To the editor:
In these worsening economic times, it is a pleasure not to hear that Grove City is facing financial crisis as many communities around us are.
It is clearer than before that our money needs to be spent as wisely as possible as these times are unstable. Regarding the upcoming projects that the city has on the table, I would like to say that our money would be better used to promote the city for new economic growth rather than offering existing business entities money incentives at the cost to the taxpayers.
Existing businesses have budgets in place to pay their own way. Why should the taxpayers then give their money to them so that they may operate at a lower cost to themselves while they are self-sustaining?
With the fact that we have current vacant buildings in the community why wouldn't we invest those dollars and, of the dividends, promote our city to generate new businesses to come to our city?
With some applause I welcome the newest venture with Sound Communications moving and the city offering the existing building as an incubator site for new business to promote growth. But with no outlay of taxpayer funds, the city could use interest to promote the wonderful community we have to attract employers and therefore increase the economic development.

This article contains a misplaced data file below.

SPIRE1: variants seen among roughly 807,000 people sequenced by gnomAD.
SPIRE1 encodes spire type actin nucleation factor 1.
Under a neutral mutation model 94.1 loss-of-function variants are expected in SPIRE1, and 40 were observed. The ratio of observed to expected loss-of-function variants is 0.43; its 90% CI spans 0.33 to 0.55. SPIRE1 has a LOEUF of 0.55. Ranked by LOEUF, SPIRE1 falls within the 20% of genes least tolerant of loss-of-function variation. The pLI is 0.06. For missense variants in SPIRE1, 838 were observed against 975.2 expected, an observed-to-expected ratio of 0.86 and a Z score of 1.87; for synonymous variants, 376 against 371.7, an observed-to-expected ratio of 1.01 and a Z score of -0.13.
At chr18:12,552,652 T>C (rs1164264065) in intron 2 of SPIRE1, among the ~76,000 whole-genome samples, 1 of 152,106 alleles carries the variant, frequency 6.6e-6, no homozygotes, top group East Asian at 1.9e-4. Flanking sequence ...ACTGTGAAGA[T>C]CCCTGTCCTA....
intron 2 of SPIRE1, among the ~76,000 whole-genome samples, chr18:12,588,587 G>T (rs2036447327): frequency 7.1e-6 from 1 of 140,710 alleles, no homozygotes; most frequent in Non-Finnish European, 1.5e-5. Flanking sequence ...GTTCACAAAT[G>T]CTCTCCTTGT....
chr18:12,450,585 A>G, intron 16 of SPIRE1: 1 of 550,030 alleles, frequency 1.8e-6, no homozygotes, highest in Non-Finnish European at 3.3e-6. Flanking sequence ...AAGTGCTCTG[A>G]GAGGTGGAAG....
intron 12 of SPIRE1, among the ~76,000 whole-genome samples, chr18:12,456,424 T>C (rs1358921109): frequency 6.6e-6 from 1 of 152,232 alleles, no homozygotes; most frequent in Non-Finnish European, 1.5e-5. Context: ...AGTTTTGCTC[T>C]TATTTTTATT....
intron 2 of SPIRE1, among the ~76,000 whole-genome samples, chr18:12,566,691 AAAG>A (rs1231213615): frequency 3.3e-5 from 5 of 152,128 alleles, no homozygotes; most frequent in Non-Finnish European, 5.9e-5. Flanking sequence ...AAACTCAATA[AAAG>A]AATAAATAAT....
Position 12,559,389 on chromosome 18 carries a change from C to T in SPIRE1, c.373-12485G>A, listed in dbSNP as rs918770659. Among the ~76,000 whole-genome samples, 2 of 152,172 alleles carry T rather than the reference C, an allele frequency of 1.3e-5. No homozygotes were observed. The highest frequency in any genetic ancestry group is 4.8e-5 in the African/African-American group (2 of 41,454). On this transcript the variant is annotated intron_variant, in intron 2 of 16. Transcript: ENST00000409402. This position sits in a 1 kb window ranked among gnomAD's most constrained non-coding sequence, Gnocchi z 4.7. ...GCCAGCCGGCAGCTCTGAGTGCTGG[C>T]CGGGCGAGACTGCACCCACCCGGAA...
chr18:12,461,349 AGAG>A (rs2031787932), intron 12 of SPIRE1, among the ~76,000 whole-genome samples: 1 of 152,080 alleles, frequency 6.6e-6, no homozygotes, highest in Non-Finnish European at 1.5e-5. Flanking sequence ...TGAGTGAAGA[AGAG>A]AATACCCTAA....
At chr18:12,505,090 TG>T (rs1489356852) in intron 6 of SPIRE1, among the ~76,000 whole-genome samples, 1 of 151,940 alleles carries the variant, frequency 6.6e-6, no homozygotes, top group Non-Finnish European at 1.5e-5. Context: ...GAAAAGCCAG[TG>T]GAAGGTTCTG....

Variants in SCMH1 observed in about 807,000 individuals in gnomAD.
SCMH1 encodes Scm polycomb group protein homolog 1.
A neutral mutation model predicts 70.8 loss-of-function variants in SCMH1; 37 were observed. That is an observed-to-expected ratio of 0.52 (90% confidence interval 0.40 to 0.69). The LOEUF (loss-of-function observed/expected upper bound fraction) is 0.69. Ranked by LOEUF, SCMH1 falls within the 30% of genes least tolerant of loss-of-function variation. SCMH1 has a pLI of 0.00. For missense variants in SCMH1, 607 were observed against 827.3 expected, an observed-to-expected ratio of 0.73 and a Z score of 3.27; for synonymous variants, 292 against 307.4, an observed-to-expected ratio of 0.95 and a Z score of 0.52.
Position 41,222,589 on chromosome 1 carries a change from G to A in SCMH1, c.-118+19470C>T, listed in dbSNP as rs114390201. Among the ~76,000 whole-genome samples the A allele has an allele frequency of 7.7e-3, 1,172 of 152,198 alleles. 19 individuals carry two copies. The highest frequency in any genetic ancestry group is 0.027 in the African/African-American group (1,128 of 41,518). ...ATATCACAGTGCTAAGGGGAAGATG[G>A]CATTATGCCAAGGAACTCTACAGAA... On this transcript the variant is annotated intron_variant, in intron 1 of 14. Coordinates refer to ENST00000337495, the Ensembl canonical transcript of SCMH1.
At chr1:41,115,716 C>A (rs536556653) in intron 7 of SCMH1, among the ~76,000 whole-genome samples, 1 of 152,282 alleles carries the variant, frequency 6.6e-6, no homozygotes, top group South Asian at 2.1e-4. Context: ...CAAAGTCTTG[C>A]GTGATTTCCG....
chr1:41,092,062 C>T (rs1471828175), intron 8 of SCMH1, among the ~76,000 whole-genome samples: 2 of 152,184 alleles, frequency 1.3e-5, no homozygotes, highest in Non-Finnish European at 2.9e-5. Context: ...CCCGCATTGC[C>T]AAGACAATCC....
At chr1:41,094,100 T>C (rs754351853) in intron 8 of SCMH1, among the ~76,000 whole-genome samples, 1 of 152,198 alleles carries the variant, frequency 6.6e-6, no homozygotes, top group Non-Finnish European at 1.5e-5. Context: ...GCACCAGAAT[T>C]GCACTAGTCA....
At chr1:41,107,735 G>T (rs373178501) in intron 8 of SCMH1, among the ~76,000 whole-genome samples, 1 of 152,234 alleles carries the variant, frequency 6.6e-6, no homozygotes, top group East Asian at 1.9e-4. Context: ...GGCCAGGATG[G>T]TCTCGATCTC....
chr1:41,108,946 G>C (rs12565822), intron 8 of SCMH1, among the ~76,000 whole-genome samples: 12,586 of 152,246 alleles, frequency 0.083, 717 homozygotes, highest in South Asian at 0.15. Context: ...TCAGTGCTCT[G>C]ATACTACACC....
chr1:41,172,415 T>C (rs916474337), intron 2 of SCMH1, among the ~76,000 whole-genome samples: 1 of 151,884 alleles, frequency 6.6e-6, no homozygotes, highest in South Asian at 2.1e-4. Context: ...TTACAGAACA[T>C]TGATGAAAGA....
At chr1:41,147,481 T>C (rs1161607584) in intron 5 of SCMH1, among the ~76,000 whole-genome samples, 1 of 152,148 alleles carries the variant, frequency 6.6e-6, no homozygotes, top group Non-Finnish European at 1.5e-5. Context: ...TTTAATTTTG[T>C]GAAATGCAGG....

To the editor::
Mayor Richard L. Stage is leaving a monument to himself at the Grove City lumberyard site.
This seems to be a project our mayor wants to push through at all costs. He seems to want to force the library folks to this lumberyard site even though they have cut off talks.
At this time I feel this project should be scrapped. It's too expensive in this economy.
I drive around and see empty warehouses. Maybe our mayor should try to fill them right now.
Finish the Demorest Road park. That is a huge mess.
To the editor:
I attended the City Council meeting on March 16. Although there were several issues I would like to comment on, and have to our council members, I would like tofocus on the continuing lack of action on the development of the lumberyard to enhance the Town Center.
It seemed evident to me that for some reason the entire project hinges on the library being willing to relocate to a new space in the development, so much so, in fact, that the city is discussing paying $7-million to build the new library and for its current property, which has been appraised at $2-million, and to subsidize the library's operating costs at the amount of about $400,000 a year for the next five years.